Results: We identified five Mo, six S and no Ma risks for the CTU part of the process. The most frequent risk was traceability failure. To reduce its frequency, we developed and validated software dedicated to ATMP activities. Another S risk was non-compliance of CAR T cell-specific steps due to the significant variability between companies. Our CAPA process was to implement procedures and design information sheets specific to each CAR T-cell program. In addition, critical steps were added to the ATMP software. Our CAPA process allowed us to reduce the criticality of identified risks to one Mi, seven Mo and three S. For the pharmacy part of the process, five Mo, two S and one Ma risk were identified. The most critical risk was compromised integrity of the CAR T-cell bag at the time of thawing. In case of unavailability of a backup bag, we designed and validated a degraded mode of operation allowing product recovery. In this exceptional circumstance, an agreement has to be signed between the physician, pharmacy, CTU and sponsor or marketing authorization holder. The implemented CAPA process allowed us to reduce the criticality of risks to three Mi and five Mo.

Conclusions: Our risk analysis identified several Mo and S risks but only one Ma risk. The implementation of the CAPA process allowed for controlling some risks by decreasing their frequency and/or criticality or by increasing their detectability. The close collaboration between the CTU and pharmacy allows complete traceability of the CAR T-cell circuit, which is essential to guarantee safe use.
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http://dx.doi.org/10.1016/j.jcyt.2020.06.009DOI Listing
December 2020

Ponatinib in childhood Philadelphia chromosome-positive leukaemias: an international registry of childhood chronic myeloid leukaemia study.

Eur J Cancer 2020 09 12;136:107-112. Epub 2020 Jul 12.

Department of Pediatric Hematology, Robert Debré Hospital, Paris, France.

Background: Ponatinib is effective in adults with Philadelphia chromosome-positive (Ph+) leukaemias, but scant data are available regarding the use of this tyrosine kinase inhibitor in children.

Aims: The aim of this study isto describe the tolerance and efficacy of compassionate use of ponatinib in a paediatric cohort of patients with Ph+ leukaemias.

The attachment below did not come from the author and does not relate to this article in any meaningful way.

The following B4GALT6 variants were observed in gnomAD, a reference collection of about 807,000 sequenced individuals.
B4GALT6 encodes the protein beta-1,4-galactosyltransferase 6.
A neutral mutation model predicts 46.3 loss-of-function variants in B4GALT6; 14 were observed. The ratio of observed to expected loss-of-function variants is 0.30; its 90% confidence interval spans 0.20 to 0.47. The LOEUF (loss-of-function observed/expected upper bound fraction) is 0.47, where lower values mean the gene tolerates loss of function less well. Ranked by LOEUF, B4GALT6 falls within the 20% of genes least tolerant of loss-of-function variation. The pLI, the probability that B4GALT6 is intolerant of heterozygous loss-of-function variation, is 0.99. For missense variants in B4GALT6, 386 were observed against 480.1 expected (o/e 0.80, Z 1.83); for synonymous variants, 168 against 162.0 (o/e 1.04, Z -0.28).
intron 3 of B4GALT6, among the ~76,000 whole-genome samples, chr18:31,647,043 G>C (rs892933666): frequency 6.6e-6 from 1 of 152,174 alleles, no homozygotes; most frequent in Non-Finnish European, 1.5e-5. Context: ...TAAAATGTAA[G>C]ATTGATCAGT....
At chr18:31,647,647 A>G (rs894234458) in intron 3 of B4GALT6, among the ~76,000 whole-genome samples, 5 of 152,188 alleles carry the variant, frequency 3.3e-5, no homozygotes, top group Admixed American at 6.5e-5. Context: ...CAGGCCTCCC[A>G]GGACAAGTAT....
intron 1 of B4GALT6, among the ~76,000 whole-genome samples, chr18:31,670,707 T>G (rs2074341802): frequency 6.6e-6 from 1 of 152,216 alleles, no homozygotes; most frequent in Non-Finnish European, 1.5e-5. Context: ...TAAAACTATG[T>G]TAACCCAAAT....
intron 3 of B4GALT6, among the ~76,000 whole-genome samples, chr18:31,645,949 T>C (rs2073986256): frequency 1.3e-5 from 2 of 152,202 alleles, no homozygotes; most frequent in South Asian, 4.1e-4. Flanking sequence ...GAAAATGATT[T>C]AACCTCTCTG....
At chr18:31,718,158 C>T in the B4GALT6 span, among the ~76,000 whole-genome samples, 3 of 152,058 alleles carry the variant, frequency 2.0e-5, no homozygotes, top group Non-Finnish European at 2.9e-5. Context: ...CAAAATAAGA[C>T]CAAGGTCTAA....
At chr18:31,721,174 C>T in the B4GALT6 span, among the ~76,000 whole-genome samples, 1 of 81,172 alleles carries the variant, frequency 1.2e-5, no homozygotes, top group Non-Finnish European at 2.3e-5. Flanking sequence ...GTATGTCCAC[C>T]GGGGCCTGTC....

Methods: Data from 11 children with chronic myeloid leukaemia (CML) registered to the international registry of childhood chronic myeloid leukaemia and from 3 children with Ph+ acute lymphoblastic leukaemia (Ph+ ALL) treated with ponatinib were collected retrospectively.

Results: In 11 girls and 3 boys (median age 14 years), ponatinib was used as a second- to eighth-line treatment. Ponatinib was administered as single therapy (9 patients) or in combination with chemotherapy (8 patients). The status of the disease when ponatinib was started was as follows: CML in advanced phases (n = 8), CML in chronic phase without achievement of molecular response (n = 2) or presence of T315I mutation (n = 1) and Ph + ALL in molecular (n = 1) or marrow (n = 2) relapses. The median dose administered was 21.4 mg/m and median duration of ponatinib was 2.5 months. Ponatinib alone or in combination with chemotherapy administered on 16 occasions led to achievement of major molecular response in 50% of cases. Ponatinib was used as a bridge to transplant in 4 cases. Among the 9 patients treated with ponatinib alone, toxicity grade III-IV (2 patients) was exclusively haematologic. No vascular events related to ponatinib were observed.

Conclusion: Ponatinib may be a reasonable additional treatment option for children with Ph+ leukaemias who have failed several lines of therapy.
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http://dx.doi.org/10.1016/j.ejca.2020.05.020DOI Listing
September 2020

COVID-19 and acute lymphoblastic leukemias of children and adolescents: First recommendations of the Leukemia committee of the French Society for the fight against Cancers and Leukemias in children and adolescents (SFCE).

Bull Cancer 2020 Jun 30;107(6):629-632. Epub 2020 Apr 30.

Hôpital Universitaire Robert-Debré AP-HP, Université de Paris, service d'hémato-immunologie pédiatrique, Paris, France.